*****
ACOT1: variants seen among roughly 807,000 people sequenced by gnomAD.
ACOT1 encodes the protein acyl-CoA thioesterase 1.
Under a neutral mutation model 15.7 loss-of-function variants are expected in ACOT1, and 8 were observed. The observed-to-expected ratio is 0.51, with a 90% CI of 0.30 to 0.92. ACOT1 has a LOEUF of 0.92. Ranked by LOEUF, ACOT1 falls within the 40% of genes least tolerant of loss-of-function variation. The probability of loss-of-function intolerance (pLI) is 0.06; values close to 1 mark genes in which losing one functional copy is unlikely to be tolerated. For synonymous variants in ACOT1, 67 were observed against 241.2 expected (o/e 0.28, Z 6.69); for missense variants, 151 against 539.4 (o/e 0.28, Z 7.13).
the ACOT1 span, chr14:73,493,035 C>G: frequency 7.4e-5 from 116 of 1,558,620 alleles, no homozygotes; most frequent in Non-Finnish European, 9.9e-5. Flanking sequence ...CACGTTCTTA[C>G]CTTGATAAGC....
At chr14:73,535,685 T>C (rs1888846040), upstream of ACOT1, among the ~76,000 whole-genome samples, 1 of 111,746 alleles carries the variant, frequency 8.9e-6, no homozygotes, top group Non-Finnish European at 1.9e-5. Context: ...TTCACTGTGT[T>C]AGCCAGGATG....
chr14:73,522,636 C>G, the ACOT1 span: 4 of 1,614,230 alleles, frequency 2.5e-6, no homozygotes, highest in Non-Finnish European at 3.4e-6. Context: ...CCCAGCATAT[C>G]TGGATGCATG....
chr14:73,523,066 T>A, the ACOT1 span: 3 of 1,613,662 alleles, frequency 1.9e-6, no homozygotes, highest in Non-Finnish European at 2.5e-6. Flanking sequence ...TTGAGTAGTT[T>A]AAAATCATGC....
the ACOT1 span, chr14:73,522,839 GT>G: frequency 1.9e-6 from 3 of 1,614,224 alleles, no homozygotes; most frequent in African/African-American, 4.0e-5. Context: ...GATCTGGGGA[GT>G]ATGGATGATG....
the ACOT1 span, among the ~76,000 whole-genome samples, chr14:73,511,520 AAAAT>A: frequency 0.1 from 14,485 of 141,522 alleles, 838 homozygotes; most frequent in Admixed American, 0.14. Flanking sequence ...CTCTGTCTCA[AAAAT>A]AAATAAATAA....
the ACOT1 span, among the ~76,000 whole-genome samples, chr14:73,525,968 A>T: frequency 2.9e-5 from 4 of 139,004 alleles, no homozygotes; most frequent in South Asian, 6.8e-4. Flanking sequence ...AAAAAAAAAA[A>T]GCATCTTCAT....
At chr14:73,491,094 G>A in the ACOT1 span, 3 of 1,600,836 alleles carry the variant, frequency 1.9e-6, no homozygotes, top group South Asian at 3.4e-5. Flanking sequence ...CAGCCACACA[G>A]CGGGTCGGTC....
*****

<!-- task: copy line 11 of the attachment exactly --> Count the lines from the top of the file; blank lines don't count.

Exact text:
At chr14:73,491,094 G>A in the ACOT1 span, 3 of 1,600,836 alleles carry the variant, frequency 1.9e-6, no homozygotes, top group South Asian at 3.4e-5. Flanking sequence ...CAGCCACACA[G>A]CGGGTCGGTC....